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|Abstract:||Among the core dimensions of socioeconomic status, maternal education is the most strongly associated with children’s cognitive development, and is a key predictor of other resources within the family that strongly predict children’s well-being: economic insecurity, family structure, and maternal depression. Most studies examine these circumstances in isolation of one another and/or at particular points in time, precluding a comprehensive understanding of how the family environment evolves over time and contributes to educational disparities in children’s skill development and learning. In addition, very little research examines whether findings observed among children in the United States can be generalized to children of a similar age in other countries. We use latent class analysis and data from two nationally representative birth cohort studies that follow children from birth to age five to examine two questions: 1) how do children’s family circumstances evolve throughout early childhood, and 2) to what extent do these trajectories account for the educational gradient in child skill development? Cross-national analysis reveals a good deal of similarity between the U.S. and U.K. in patterns of family life during early childhood, and in the degree to which those patterns contribute to educational inequality in children’s skill development.|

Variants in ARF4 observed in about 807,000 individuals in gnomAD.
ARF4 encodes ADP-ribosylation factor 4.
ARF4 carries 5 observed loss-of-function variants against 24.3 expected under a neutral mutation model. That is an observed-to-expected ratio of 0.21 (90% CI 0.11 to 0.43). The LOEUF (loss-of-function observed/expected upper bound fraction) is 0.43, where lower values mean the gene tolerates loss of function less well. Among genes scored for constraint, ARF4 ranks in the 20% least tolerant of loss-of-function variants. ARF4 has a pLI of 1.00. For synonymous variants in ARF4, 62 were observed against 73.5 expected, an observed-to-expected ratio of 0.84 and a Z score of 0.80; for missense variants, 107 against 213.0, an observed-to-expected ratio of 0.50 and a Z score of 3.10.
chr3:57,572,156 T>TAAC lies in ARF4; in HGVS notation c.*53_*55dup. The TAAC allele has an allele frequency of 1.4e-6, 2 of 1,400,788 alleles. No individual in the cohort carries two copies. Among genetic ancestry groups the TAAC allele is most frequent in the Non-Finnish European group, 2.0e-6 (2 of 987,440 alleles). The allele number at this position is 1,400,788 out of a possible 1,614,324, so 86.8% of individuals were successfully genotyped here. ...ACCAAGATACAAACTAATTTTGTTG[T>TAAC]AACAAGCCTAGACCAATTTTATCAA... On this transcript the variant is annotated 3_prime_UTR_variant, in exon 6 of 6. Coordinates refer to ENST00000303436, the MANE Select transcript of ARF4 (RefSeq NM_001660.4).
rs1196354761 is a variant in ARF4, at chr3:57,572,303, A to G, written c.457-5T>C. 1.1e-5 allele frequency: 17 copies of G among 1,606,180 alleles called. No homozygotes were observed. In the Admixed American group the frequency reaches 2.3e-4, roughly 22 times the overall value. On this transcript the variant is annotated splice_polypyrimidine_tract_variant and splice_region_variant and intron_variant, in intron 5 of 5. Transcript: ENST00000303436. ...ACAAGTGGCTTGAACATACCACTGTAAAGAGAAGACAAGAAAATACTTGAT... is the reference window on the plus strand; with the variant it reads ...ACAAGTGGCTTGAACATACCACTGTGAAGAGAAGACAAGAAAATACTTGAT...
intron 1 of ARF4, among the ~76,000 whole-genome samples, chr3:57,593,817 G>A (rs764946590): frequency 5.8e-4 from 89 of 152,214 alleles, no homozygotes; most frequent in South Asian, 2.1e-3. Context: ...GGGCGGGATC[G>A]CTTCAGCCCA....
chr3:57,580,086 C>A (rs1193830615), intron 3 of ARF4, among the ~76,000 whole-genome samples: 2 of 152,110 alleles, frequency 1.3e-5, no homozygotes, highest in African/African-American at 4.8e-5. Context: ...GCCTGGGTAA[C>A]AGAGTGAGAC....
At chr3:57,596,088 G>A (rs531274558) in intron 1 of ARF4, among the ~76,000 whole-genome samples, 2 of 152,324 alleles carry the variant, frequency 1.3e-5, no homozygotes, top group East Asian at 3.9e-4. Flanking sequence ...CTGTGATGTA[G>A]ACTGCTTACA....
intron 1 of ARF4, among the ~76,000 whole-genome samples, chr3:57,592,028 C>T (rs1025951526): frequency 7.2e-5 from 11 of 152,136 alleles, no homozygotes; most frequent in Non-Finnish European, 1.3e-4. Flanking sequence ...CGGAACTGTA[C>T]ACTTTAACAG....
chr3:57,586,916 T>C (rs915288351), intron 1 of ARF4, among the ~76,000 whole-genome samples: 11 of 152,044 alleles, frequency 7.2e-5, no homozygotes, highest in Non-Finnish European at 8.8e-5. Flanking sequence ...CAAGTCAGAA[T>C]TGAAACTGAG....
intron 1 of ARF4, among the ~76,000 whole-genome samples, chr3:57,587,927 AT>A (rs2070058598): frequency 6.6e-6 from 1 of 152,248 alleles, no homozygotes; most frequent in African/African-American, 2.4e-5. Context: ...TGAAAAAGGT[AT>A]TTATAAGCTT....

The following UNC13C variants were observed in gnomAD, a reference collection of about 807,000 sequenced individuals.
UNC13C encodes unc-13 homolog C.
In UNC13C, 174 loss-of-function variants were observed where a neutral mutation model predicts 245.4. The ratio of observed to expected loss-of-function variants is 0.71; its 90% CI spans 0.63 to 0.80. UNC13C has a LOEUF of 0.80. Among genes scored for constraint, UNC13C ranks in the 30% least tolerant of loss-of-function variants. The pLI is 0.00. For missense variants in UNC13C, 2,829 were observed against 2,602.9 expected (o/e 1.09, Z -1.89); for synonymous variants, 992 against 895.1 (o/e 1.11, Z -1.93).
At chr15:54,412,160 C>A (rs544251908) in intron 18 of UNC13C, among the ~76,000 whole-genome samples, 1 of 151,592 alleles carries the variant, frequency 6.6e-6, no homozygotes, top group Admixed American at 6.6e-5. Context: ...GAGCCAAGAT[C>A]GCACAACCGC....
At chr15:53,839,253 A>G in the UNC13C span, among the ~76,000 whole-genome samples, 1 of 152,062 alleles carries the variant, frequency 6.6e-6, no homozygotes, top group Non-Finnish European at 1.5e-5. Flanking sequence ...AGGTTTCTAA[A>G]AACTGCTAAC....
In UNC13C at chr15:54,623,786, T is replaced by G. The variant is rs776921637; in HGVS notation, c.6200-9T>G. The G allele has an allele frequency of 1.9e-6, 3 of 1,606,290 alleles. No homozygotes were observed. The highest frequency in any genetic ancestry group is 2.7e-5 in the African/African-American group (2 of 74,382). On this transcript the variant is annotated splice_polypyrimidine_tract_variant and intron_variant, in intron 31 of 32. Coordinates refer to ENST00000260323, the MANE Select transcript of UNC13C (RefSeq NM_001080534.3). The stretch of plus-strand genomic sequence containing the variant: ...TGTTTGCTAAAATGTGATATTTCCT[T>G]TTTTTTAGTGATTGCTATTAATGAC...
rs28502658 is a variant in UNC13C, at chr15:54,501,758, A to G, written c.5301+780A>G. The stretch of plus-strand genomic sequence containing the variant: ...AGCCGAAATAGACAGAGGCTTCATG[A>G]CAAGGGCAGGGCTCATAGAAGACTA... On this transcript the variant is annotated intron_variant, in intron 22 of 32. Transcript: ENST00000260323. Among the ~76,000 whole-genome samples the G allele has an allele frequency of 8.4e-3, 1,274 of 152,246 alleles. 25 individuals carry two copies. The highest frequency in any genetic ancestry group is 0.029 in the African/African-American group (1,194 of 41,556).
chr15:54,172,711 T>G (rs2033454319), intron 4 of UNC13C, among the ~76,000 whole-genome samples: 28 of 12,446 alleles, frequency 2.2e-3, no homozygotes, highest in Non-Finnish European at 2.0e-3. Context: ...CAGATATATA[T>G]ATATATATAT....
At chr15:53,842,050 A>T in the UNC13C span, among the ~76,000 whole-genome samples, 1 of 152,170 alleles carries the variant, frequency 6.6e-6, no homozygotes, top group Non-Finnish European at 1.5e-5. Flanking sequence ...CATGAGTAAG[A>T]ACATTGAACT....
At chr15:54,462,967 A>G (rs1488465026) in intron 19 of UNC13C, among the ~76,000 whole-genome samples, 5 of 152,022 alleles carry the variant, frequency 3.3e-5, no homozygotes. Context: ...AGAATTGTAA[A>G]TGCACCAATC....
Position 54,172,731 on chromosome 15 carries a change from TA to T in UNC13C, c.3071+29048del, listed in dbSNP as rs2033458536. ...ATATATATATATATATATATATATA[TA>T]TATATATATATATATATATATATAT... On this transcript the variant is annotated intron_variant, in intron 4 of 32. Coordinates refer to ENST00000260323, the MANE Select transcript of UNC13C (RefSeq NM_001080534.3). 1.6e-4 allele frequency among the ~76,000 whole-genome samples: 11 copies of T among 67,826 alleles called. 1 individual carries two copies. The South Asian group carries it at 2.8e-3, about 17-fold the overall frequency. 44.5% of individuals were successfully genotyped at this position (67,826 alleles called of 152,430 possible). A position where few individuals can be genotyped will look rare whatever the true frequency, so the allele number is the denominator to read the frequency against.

|Electronic Publication Date:||25-Oct-2017|
|Citation:||Jackson, Margot I, Kiernan, Kathleen, McLanahan, Sara. (2017). Maternal Education, Changing Family Circumstances, and Children’s Skill Development in the United States and UK. The ANNALS of the American Academy of Political and Social Science, 674 (1), 59 - 84. doi:10.1177/0002716217729471|
|Pages:||59 - 84|
|Type of Material:||Journal Article|
|Journal/Proceeding Title:||The ANNALS of the American Academy of Political and Social Science|
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